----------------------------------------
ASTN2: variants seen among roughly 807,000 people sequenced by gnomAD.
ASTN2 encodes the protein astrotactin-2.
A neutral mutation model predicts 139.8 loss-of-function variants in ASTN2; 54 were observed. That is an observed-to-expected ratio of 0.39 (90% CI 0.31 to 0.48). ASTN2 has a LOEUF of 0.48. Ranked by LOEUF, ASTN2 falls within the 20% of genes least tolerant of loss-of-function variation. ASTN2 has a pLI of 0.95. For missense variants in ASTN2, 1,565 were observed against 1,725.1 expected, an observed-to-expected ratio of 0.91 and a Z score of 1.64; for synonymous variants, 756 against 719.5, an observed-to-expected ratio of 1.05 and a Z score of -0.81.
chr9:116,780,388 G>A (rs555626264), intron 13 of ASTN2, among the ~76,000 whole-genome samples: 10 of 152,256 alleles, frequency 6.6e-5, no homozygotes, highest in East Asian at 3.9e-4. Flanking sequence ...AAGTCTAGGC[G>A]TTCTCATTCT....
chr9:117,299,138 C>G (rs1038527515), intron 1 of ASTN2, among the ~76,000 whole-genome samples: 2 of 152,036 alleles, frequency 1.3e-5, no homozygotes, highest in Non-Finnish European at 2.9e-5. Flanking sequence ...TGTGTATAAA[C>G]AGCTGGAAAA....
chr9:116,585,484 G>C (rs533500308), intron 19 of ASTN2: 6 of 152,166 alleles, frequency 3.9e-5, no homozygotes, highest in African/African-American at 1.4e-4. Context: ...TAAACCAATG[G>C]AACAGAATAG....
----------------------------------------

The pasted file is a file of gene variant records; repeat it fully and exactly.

ASTN2: variants seen among roughly 807,000 people sequenced by gnomAD.
ASTN2 encodes the protein astrotactin-2.
A neutral mutation model predicts 139.8 loss-of-function variants in ASTN2; 54 were observed. That is an observed-to-expected ratio of 0.39 (90% CI 0.31 to 0.48). ASTN2 has a LOEUF of 0.48. Ranked by LOEUF, ASTN2 falls within the 20% of genes least tolerant of loss-of-function variation. ASTN2 has a pLI of 0.95. For missense variants in ASTN2, 1,565 were observed against 1,725.1 expected, an observed-to-expected ratio of 0.91 and a Z score of 1.64; for synonymous variants, 756 against 719.5, an observed-to-expected ratio of 1.05 and a Z score of -0.81.
chr9:116,780,388 G>A (rs555626264), intron 13 of ASTN2, among the ~76,000 whole-genome samples: 10 of 152,256 alleles, frequency 6.6e-5, no homozygotes, highest in East Asian at 3.9e-4. Flanking sequence ...AAGTCTAGGC[G>A]TTCTCATTCT....
chr9:117,299,138 C>G (rs1038527515), intron 1 of ASTN2, among the ~76,000 whole-genome samples: 2 of 152,036 alleles, frequency 1.3e-5, no homozygotes, highest in Non-Finnish European at 2.9e-5. Flanking sequence ...TGTGTATAAA[C>G]AGCTGGAAAA....
chr9:116,585,484 G>C (rs533500308), intron 19 of ASTN2: 6 of 152,166 alleles, frequency 3.9e-5, no homozygotes, highest in African/African-American at 1.4e-4. Context: ...TAAACCAATG[G>C]AACAGAATAG....